Consumer-Driven Contracts by Example

As a developer for a distributed system, I work in a team that relies on the micro-services of other teams. We all beaver away in our separate teams safe in the knowledge that our great communication and nightly system tests will prevent any unforeseen breaking changes…

That was until one Tuesday morning when the peaceful tapping away of developers was shattered by the exclamation of two members of opposite teams who had just realised (that in spite of our frequent cross-team discussions, system tests and shiny Swagger specs!) a change had been merged to one of the APIs that broke our expectations of how it was to be consumed. Without anyone being aware of it, our teams had become apples and oranges!

So what might we have done to prevent such a dystopian scenario?

Consumer-Driven Contracts

The problem was that the teams had no way to test the interactions of other services to theirs without either:

  • Performing end-to-end tests of either a full or partial deployment of the system - a time intensive task.
  • Mocking the other service - mocks will need updating to reflect changes to the service its representing

One solution to these problems is the Consumer-Driven Contracts pattern, which works on the basis of APIs exemplifying their interactions with one another in ‘contracts’. These contracts can then be exercised against the APIs to quickly highlight breaking changes, without the need to deploy other micro-services.

Let’s explore Consumer-Driven Contracts by implementing Spring Cloud Contract into a simple project that consists of two APIs:

  • Image API - This is the producer of URIs to lovely images
  • Website - This is the consumer of the Image API and will display the images for aspiring artists to draw

Website consumer and Image API producer

Whilst developing features for the Website, I want to inform the Image API of the expectations I have towards it, which I can do in contracts. These files simply exemplify the website’s interactions with the API. They are made accessible to the API and communicated to the team working on it.

In my project these contracts live in the Image API’s test resources (image-api/src/test/resources/contracts), although they could just as easily live in a common location. {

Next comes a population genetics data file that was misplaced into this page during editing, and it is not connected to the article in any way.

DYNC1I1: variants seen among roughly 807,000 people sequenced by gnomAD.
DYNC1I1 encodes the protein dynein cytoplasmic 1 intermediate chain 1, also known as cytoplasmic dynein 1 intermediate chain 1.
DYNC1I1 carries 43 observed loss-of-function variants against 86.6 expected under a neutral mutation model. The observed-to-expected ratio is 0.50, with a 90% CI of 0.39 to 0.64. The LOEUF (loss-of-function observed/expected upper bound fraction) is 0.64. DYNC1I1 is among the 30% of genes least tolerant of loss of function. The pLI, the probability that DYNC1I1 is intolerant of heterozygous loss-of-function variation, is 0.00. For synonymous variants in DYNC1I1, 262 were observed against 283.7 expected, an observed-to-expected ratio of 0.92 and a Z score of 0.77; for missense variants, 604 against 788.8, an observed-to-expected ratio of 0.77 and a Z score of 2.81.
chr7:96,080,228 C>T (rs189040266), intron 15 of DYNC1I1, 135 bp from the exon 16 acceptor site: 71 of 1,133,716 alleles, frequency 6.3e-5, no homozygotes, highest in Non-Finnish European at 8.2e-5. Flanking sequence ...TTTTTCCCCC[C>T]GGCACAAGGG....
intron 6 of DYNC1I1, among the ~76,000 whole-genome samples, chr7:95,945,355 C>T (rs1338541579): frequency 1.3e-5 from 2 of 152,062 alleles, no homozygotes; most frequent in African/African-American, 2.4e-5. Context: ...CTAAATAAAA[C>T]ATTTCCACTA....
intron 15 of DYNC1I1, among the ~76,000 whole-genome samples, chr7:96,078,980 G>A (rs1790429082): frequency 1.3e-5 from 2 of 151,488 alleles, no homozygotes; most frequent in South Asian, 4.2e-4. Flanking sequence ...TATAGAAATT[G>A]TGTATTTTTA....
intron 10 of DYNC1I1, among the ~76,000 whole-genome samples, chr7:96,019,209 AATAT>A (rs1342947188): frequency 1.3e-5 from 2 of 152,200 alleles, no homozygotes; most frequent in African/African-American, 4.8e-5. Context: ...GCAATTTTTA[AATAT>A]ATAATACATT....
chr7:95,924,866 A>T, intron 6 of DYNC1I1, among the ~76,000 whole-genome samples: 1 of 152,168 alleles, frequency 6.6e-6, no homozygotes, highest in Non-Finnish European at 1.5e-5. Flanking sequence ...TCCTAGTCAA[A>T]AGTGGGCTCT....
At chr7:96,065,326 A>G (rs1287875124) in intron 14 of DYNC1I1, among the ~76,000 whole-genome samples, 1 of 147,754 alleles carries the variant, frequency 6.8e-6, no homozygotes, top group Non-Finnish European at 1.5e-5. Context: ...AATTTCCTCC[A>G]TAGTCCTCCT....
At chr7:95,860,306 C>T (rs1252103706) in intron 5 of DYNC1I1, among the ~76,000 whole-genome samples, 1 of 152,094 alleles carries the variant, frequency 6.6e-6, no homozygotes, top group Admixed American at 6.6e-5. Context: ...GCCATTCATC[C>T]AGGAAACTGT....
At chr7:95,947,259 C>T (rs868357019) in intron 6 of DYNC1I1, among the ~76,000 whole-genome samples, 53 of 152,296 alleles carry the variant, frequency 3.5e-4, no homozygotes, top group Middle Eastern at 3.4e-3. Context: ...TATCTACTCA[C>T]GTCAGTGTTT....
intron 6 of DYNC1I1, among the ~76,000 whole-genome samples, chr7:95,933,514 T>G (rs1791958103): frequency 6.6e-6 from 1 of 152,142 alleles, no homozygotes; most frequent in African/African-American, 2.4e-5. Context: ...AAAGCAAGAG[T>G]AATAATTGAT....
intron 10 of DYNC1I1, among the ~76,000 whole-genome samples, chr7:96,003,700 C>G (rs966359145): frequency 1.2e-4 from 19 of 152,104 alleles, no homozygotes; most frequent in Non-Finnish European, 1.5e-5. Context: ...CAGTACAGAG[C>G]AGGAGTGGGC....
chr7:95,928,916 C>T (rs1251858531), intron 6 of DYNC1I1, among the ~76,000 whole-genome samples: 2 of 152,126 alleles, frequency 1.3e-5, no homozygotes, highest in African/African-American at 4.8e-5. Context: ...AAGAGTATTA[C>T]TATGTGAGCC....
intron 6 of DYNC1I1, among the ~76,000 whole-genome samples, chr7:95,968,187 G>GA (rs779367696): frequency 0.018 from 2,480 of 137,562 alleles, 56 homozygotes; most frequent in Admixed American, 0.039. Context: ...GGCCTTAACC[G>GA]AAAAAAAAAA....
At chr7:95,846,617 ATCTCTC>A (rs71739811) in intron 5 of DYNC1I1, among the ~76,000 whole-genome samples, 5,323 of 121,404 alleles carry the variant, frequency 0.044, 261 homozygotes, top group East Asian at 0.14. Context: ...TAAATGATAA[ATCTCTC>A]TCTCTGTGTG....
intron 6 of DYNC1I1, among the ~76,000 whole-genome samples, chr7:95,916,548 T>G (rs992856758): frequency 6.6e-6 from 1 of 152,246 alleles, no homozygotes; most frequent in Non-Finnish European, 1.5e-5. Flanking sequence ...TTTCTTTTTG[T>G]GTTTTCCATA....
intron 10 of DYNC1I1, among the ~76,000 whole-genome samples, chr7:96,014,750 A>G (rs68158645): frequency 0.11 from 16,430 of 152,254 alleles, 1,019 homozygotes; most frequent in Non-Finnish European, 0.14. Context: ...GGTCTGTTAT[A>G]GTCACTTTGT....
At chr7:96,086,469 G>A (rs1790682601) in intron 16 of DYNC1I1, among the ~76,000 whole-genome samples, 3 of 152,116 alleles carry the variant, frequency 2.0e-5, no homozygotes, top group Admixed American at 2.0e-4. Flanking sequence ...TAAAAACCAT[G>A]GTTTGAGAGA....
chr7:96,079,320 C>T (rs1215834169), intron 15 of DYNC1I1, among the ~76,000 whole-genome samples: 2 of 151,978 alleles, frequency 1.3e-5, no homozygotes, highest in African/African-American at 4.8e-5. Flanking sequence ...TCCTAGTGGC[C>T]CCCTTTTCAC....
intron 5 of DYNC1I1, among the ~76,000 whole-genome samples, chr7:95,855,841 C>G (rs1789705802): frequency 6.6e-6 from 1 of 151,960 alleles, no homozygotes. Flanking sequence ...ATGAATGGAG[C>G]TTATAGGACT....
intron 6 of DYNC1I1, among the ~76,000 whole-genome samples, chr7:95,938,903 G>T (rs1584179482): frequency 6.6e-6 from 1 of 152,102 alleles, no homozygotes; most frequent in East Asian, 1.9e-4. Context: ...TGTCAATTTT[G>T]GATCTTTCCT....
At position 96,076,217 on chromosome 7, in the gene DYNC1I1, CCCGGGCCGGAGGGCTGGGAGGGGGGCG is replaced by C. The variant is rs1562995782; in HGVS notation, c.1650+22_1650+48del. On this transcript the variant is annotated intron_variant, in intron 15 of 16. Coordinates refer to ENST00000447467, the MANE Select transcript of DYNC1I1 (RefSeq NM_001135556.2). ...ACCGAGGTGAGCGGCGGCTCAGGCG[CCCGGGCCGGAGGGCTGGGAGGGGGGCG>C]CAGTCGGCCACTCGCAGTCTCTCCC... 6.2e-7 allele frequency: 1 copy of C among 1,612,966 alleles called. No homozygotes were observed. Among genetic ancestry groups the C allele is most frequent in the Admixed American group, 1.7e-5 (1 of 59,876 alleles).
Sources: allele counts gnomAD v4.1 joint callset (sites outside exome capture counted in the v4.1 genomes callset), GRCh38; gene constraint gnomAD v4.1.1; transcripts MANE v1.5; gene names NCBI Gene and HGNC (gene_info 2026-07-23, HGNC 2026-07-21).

request {
        method 'GET'
        url '/image'
    response {
        status 200
  "image": {
    "id": 1,
    "uri": "./images/1.png"
  "nextImage": {
    "id": 2,
    "uri": "./images/2.png"

Now with contracts in place, Spring Cloud Contracts will do the following:

  1. During the Image APIs integration test phase, it tests that the service responds to the requests according to the Website’s expectations (as defined in the contracts)
  2. If these tests pass, then a Wiremock stub of the Image API is produced that responds to requests, again just like the contracts define
  3. The Website is able to use the latest Image API stub in its tests to impersonate the API

Consumer-driven contracts in use

All of this can happen in fast-running tests and without either of the services, depending on the other being stood up. What’s great is the website now has confidence that the API fulfils its expectations, and every time these contracts are tested against the API, an updated stub is automatically produced that can be used by dependent services to stub out the API in tests.

The code below shows the Website using the Image API stub (website/src/test/java/com/drawbydays/website/gallery/

public class GalleryControllerTest {

  private MockMvc mockMvc;

  private PortSelectionInterceptor portSelectionInterceptor;

  private StubFinder stubFinder;

  public void setup() {
    final int port = stubFinder.findStubUrl("com.drawbydays", "image-api").getPort();

  public void image_and_next_image_with_uris_are_passed_to_view() throws Exception {
            .andExpect(model().attribute("image", hasProperty("uri")))
            .andExpect(model().attribute("nextImage", hasProperty("uri")));

  public void image_and_next_image_with_uris_are_passed_to_view_when_id_valid() throws Exception {
    mockMvc.perform(get("/").param("id", "2"))
            .andExpect(model().attribute("image", hasProperty("uri")))
            .andExpect(model().attribute("nextImage", hasProperty("uri")));

  public void null_image_and_next_image_passed_to_view_when_id_invalid() throws Exception {
    mockMvc.perform(get("/").param("id", "invalid_id"))
            .andExpect(model().attribute("image", nullValue()))
            .andExpect(model().attribute("nextImage", nullValue()));

  public static class GalleryControllerTestConfig {

Hopefully this brief article has shown the usefulness of consumer-driven contracts to enrich cross-team communication and speed up feedback on breaking changes. For further reading, I would suggest Spring Cloud Contract’s excellent step-by-step process for using consumer-driven contracts.